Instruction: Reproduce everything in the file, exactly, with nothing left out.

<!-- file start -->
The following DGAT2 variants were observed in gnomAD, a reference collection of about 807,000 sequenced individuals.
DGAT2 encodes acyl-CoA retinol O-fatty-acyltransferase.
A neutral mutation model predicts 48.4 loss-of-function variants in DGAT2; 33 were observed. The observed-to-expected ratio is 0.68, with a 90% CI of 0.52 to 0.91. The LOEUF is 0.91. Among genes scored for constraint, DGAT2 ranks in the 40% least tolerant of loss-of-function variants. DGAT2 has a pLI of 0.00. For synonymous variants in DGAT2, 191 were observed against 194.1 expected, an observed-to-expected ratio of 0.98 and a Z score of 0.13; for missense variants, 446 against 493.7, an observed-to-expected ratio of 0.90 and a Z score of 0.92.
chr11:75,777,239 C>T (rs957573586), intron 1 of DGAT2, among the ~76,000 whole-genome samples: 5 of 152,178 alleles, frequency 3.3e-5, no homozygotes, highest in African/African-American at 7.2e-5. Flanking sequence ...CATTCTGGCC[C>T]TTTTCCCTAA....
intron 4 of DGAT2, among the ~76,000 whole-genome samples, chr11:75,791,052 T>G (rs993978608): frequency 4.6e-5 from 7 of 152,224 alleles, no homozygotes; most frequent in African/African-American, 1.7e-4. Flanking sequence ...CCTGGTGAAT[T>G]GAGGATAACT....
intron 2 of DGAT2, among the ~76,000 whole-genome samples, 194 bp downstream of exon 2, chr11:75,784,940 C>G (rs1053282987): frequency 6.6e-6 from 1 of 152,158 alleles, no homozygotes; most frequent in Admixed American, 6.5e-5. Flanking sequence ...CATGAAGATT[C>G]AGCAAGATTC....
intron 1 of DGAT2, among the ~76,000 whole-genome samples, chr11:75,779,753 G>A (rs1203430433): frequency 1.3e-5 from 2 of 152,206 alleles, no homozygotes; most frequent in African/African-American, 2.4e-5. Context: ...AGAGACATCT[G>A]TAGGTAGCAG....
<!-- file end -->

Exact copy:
The following DGAT2 variants were observed in gnomAD, a reference collection of about 807,000 sequenced individuals.
DGAT2 encodes acyl-CoA retinol O-fatty-acyltransferase.
A neutral mutation model predicts 48.4 loss-of-function variants in DGAT2; 33 were observed. The observed-to-expected ratio is 0.68, with a 90% CI of 0.52 to 0.91. The LOEUF is 0.91. Among genes scored for constraint, DGAT2 ranks in the 40% least tolerant of loss-of-function variants. DGAT2 has a pLI of 0.00. For synonymous variants in DGAT2, 191 were observed against 194.1 expected, an observed-to-expected ratio of 0.98 and a Z score of 0.13; for missense variants, 446 against 493.7, an observed-to-expected ratio of 0.90 and a Z score of 0.92.
chr11:75,777,239 C>T (rs957573586), intron 1 of DGAT2, among the ~76,000 whole-genome samples: 5 of 152,178 alleles, frequency 3.3e-5, no homozygotes, highest in African/African-American at 7.2e-5. Flanking sequence ...CATTCTGGCC[C>T]TTTTCCCTAA....
intron 4 of DGAT2, among the ~76,000 whole-genome samples, chr11:75,791,052 T>G (rs993978608): frequency 4.6e-5 from 7 of 152,224 alleles, no homozygotes; most frequent in African/African-American, 1.7e-4. Flanking sequence ...CCTGGTGAAT[T>G]GAGGATAACT....
intron 2 of DGAT2, among the ~76,000 whole-genome samples, 194 bp downstream of exon 2, chr11:75,784,940 C>G (rs1053282987): frequency 6.6e-6 from 1 of 152,158 alleles, no homozygotes; most frequent in Admixed American, 6.5e-5. Flanking sequence ...CATGAAGATT[C>G]AGCAAGATTC....
intron 1 of DGAT2, among the ~76,000 whole-genome samples, chr11:75,779,753 G>A (rs1203430433): frequency 1.3e-5 from 2 of 152,206 alleles, no homozygotes; most frequent in African/African-American, 2.4e-5. Context: ...AGAGACATCT[G>A]TAGGTAGCAG....